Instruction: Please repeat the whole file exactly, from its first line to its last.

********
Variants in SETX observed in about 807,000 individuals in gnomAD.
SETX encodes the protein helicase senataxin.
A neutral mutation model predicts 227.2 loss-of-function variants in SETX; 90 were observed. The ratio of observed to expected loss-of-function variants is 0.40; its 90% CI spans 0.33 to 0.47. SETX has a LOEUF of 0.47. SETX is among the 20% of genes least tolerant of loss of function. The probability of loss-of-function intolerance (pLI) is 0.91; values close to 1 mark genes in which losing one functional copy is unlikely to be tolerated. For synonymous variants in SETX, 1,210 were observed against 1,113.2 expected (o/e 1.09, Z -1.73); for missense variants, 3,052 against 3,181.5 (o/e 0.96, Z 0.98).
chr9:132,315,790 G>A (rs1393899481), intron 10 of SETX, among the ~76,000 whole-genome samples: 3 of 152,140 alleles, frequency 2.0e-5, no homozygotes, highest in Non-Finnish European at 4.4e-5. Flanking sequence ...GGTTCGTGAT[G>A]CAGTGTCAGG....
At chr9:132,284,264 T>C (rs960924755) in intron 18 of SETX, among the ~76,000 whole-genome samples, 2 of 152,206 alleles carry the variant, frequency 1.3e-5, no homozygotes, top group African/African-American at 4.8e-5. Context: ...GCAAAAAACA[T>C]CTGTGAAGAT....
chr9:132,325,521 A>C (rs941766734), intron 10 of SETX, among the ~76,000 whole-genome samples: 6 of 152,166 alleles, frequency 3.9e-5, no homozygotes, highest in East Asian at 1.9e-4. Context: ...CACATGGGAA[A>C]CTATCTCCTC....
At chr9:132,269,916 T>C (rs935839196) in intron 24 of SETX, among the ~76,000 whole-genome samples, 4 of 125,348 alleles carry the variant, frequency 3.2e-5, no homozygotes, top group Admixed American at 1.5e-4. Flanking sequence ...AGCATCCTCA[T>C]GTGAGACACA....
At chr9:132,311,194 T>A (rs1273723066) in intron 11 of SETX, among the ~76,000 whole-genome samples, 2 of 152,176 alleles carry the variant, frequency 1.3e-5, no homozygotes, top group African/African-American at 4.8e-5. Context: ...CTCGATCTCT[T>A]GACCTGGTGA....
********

Variants in SETX observed in about 807,000 individuals in gnomAD.
SETX encodes the protein helicase senataxin.
A neutral mutation model predicts 227.2 loss-of-function variants in SETX; 90 were observed. The ratio of observed to expected loss-of-function variants is 0.40; its 90% CI spans 0.33 to 0.47. SETX has a LOEUF of 0.47. SETX is among the 20% of genes least tolerant of loss of function. The probability of loss-of-function intolerance (pLI) is 0.91; values close to 1 mark genes in which losing one functional copy is unlikely to be tolerated. For synonymous variants in SETX, 1,210 were observed against 1,113.2 expected (o/e 1.09, Z -1.73); for missense variants, 3,052 against 3,181.5 (o/e 0.96, Z 0.98).
chr9:132,315,790 G>A (rs1393899481), intron 10 of SETX, among the ~76,000 whole-genome samples: 3 of 152,140 alleles, frequency 2.0e-5, no homozygotes, highest in Non-Finnish European at 4.4e-5. Flanking sequence ...GGTTCGTGAT[G>A]CAGTGTCAGG....
At chr9:132,284,264 T>C (rs960924755) in intron 18 of SETX, among the ~76,000 whole-genome samples, 2 of 152,206 alleles carry the variant, frequency 1.3e-5, no homozygotes, top group African/African-American at 4.8e-5. Context: ...GCAAAAAACA[T>C]CTGTGAAGAT....
chr9:132,325,521 A>C (rs941766734), intron 10 of SETX, among the ~76,000 whole-genome samples: 6 of 152,166 alleles, frequency 3.9e-5, no homozygotes, highest in East Asian at 1.9e-4. Context: ...CACATGGGAA[A>C]CTATCTCCTC....
At chr9:132,269,916 T>C (rs935839196) in intron 24 of SETX, among the ~76,000 whole-genome samples, 4 of 125,348 alleles carry the variant, frequency 3.2e-5, no homozygotes, top group Admixed American at 1.5e-4. Flanking sequence ...AGCATCCTCA[T>C]GTGAGACACA....
At chr9:132,311,194 T>A (rs1273723066) in intron 11 of SETX, among the ~76,000 whole-genome samples, 2 of 152,176 alleles carry the variant, frequency 1.3e-5, no homozygotes, top group African/African-American at 4.8e-5. Context: ...CTCGATCTCT[T>A]GACCTGGTGA....